3. The symptoms never manifest while the fast is in progress, but only after it has been broken, the first symptoms so appearing three days to two weeks after the fast has ended. If the condition results from the fast, it should develop at least part of the time while the patient is fasting.

4. The condition develops only in certain types of individuals, and in these types of cases, such developments are quite common while eating three square meals a day in people who never fast. While I have emphasized the fact that these developments occur, so far as my experience extends, only in pronounced neurotics, they are rare, even in these patients. I have had many neurotics to fast for prolonged periods and receive nothing but benefit. No mental and nervous symptoms have developed during or after the fast in all save the seven we are here considering.

5. In two of my cases the trouble has developed after periods of great physical stress growing out of their diseases and would seem to have been due to the drain placed upon them by their diseases. One of these, a man who developed a severe diarrhea late in the fast that lasted for several days, had slight confusion for three days after his fast was broken, but he never grew irrational. The dysentery constituted a serious drain upon his powers and resources. A second case was unable to take food after the return of hunger. For three days she vomited all food given her. Thereafter she was able to retain food, and after she had begun to eat, she developed mental symptoms that lasted for about three weeks.

6. Certain of these patients who had had such disturbances before fasting have had none since. This is to say, the trouble that followed breaking the fast was the end of their mental troubles. One woman who had had such periods of confusion before going on the fast, had such a period after the fast was broken, and has had no more such troubles for twelve years.

7. In one case, at least, the clearing up of the mental symptoms has been accompanied with the disappearance of other symptoms that were of long standing. This woman, a neurotic, psychotic and drug-poisoned patient, became confused three days after her fast was broken (she had had such periods before fasting) and remained so for a period of about seven days. When she became normal, certain subjective head symptoms of which she had complained for over a year were gone and did not recur.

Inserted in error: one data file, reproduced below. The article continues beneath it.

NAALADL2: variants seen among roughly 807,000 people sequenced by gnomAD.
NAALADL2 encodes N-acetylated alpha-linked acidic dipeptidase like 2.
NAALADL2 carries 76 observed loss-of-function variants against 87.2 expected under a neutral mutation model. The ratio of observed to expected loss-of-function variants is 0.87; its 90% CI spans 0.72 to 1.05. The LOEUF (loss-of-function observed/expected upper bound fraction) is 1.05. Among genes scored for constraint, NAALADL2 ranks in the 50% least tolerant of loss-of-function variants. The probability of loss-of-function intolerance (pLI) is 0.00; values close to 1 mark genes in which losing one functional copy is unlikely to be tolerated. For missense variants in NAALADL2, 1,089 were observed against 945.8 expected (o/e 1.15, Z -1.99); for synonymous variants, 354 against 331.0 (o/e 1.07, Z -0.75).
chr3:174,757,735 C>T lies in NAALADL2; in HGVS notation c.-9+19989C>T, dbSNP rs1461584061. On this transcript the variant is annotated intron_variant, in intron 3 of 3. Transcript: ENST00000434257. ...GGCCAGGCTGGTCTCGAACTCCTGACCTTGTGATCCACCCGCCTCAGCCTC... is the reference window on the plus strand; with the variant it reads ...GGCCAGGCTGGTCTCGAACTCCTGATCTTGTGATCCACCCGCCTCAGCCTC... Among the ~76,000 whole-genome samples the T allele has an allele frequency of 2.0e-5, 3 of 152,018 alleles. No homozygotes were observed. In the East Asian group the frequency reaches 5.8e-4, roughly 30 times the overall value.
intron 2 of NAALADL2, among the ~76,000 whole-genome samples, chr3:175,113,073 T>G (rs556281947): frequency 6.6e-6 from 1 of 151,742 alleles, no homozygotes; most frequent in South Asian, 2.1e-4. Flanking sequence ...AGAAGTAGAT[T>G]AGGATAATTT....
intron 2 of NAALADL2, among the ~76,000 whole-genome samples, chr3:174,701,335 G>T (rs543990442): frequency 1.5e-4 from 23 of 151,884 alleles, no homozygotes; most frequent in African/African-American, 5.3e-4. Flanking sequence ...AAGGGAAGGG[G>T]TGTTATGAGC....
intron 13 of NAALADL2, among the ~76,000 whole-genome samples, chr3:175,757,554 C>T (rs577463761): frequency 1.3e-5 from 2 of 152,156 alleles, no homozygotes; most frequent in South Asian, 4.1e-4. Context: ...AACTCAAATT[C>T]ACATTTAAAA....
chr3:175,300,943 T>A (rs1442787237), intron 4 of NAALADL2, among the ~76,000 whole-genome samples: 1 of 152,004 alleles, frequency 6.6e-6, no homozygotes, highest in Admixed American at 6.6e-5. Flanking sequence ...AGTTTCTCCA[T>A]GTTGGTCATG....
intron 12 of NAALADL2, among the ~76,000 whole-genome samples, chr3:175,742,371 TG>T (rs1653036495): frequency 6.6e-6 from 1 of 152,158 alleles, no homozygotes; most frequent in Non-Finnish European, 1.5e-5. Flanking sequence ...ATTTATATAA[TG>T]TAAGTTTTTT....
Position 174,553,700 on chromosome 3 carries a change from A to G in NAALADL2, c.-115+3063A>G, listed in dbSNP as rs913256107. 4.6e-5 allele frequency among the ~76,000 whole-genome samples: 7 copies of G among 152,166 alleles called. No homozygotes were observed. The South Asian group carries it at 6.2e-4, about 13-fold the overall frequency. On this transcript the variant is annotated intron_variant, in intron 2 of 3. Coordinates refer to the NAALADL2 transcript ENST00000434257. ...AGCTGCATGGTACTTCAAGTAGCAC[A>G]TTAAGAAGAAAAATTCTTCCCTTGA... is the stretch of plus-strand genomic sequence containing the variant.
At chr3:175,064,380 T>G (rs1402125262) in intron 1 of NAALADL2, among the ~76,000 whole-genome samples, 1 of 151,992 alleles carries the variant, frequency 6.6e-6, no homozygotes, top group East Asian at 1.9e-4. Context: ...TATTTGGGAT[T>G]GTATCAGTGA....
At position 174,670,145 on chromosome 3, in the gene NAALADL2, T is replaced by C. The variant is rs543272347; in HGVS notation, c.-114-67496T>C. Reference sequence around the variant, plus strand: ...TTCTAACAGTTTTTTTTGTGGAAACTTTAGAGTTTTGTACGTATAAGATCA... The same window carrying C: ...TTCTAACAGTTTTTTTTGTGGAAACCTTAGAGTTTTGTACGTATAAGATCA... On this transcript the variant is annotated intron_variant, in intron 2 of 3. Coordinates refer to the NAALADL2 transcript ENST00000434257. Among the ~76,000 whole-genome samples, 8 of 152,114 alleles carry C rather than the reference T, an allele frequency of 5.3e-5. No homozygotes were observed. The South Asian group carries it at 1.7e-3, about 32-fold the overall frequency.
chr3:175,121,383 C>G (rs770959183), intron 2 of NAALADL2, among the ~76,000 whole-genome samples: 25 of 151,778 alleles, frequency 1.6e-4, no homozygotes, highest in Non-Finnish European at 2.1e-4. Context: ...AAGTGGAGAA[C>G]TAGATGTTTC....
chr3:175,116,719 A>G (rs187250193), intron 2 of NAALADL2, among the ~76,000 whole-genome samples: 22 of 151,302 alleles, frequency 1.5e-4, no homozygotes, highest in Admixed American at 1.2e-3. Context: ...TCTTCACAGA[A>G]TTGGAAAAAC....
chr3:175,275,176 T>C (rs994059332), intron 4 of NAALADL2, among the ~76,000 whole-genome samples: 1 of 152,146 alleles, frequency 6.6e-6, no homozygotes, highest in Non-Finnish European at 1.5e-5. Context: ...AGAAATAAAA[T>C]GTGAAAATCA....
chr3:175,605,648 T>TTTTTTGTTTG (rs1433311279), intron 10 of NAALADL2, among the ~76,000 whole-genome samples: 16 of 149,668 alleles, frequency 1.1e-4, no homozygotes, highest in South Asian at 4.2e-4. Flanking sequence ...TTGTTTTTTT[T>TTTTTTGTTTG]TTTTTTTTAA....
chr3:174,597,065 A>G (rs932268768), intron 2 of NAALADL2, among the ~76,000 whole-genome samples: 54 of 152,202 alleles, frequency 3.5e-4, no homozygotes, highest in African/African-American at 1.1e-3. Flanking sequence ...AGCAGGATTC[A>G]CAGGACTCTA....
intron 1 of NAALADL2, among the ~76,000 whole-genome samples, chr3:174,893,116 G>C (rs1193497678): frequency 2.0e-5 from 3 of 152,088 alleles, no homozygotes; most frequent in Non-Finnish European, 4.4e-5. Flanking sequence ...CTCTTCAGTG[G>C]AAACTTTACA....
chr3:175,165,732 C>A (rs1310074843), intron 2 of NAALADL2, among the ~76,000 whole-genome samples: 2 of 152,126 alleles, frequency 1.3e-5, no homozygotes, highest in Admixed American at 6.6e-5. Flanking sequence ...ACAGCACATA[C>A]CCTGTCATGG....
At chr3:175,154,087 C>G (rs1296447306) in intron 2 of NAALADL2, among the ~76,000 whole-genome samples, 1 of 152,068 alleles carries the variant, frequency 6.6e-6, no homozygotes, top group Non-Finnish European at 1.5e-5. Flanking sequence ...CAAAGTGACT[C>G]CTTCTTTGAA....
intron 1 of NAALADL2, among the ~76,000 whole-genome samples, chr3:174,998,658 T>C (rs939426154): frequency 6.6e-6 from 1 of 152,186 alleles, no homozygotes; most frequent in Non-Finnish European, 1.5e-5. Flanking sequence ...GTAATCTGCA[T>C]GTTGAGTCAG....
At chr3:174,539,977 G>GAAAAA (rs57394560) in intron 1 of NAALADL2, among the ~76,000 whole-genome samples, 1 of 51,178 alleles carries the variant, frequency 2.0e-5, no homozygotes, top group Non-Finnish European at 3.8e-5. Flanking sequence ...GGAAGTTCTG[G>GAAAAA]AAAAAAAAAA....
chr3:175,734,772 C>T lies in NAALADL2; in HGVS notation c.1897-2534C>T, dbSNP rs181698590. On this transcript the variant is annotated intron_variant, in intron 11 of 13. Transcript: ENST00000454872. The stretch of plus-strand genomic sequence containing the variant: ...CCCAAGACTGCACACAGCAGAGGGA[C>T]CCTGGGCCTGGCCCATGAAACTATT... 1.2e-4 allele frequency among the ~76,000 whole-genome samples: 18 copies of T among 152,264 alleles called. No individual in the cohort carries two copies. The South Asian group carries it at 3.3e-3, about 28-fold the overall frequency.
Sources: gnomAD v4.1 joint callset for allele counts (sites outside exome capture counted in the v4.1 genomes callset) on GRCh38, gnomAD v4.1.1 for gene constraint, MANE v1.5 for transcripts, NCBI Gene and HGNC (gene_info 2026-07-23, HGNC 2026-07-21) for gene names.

8. Most of these patients are now holding responsible positions and are enjoying good mental health.

There is no means of proving that these people would have had these developments at the times they did had they not fasted, but I think the inference is plain that they would have. In at least four of these cases previous such periods while eating point in this direction. In two other cases in which I have no positive proof of previous such periods, I have some evidence that such periods of mental disturbance had been previously experienced. If we add to this the frequent and great beneficial results that accompany and follow fasting in severe neurotic conditions and in cases of actual insanity, the evidence seems to be complete that the fast is not responsible for these conditions. It may well be said that the chief result of the fast is to retard their development, or even, in many cases, to prevent them altogether.

In considering these developments, it is well for us to keep in mind the ability of the body to nourish and sustain the brain and nervous system and to maintain their functional and structural integrity throughout the most prolonged fast by drawing upon its nutritive reserves, and the actual benefit that is seen to accrue to the nervous system in many cases of paralysis, neuritis, neuralgia, various neuroses and even in insanity, while fasting, even prolonged fasting, all of which should strongly indicate that the brain and nerves are not injured.